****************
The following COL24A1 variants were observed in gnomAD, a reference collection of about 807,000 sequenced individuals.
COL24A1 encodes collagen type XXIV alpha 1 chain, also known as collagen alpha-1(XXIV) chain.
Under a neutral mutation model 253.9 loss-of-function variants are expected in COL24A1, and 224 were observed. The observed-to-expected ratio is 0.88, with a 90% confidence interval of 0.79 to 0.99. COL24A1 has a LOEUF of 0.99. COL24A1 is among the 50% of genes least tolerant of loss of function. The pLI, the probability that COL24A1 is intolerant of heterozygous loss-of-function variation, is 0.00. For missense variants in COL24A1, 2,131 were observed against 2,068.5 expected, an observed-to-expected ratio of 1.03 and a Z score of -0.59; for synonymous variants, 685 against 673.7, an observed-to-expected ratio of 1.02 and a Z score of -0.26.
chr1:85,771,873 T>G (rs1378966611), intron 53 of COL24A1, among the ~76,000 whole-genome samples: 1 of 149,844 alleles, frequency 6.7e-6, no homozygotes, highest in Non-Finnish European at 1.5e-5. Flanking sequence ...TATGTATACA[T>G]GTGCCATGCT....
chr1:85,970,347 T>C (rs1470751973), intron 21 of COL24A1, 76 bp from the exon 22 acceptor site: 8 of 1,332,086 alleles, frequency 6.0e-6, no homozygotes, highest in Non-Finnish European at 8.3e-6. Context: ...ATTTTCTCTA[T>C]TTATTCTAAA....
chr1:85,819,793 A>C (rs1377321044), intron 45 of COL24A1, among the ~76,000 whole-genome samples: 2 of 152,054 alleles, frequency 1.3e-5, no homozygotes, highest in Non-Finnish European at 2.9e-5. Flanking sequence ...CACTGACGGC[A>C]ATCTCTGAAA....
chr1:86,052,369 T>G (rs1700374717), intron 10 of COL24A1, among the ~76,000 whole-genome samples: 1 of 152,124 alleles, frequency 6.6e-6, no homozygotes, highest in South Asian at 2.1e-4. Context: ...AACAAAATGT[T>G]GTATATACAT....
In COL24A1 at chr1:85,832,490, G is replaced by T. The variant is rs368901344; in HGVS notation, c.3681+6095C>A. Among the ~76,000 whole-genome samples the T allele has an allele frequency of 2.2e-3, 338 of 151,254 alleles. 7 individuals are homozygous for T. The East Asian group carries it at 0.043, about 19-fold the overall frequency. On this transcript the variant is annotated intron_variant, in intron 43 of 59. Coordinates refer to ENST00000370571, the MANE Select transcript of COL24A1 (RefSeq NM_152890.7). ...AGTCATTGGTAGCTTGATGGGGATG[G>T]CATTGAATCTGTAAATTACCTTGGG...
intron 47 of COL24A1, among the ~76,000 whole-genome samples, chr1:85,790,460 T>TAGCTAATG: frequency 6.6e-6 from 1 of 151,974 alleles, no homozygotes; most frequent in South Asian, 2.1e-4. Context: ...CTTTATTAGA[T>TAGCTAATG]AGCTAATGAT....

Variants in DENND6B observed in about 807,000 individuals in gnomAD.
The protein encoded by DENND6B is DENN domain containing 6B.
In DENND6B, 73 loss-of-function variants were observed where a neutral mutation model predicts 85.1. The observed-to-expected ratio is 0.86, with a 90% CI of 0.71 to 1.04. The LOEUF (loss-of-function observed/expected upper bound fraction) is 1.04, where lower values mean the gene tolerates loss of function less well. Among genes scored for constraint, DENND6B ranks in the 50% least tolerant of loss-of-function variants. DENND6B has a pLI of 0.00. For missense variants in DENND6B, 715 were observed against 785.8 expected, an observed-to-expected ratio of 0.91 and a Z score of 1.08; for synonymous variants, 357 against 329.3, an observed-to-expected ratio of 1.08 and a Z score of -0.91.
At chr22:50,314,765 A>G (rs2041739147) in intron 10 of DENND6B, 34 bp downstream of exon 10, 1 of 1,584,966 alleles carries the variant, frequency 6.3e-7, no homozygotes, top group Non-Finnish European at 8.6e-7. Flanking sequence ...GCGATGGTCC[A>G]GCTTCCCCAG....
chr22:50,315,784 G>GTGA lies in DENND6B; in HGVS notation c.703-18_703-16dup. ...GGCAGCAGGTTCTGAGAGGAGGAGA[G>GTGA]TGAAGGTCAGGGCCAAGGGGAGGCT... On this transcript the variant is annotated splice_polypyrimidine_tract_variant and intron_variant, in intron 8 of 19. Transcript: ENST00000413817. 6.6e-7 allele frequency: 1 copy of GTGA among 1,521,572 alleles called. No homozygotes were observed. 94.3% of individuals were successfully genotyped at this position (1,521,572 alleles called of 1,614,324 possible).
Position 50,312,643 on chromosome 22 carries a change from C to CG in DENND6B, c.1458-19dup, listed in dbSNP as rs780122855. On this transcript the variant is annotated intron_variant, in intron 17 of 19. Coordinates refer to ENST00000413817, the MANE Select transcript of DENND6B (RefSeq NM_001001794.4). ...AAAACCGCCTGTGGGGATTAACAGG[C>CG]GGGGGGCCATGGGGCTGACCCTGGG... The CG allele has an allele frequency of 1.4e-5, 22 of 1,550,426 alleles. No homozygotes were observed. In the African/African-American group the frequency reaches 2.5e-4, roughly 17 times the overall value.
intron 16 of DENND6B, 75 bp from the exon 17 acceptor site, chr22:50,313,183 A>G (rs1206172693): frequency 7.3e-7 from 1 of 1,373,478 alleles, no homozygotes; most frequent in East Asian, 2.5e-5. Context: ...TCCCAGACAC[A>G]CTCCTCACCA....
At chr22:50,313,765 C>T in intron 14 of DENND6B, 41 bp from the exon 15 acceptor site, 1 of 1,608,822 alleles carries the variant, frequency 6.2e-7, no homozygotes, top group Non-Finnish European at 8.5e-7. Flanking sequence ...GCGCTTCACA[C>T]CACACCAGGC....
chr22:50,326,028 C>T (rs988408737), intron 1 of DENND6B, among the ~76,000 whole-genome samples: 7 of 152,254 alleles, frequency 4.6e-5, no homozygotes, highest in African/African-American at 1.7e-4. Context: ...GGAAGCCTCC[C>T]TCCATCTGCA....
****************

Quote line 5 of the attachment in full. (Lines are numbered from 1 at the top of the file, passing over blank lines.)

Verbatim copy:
chr1:85,970,347 T>C (rs1470751973), intron 21 of COL24A1, 76 bp from the exon 22 acceptor site: 8 of 1,332,086 alleles, frequency 6.0e-6, no homozygotes, highest in Non-Finnish European at 8.3e-6. Context: ...ATTTTCTCTA[T>C]TTATTCTAAA....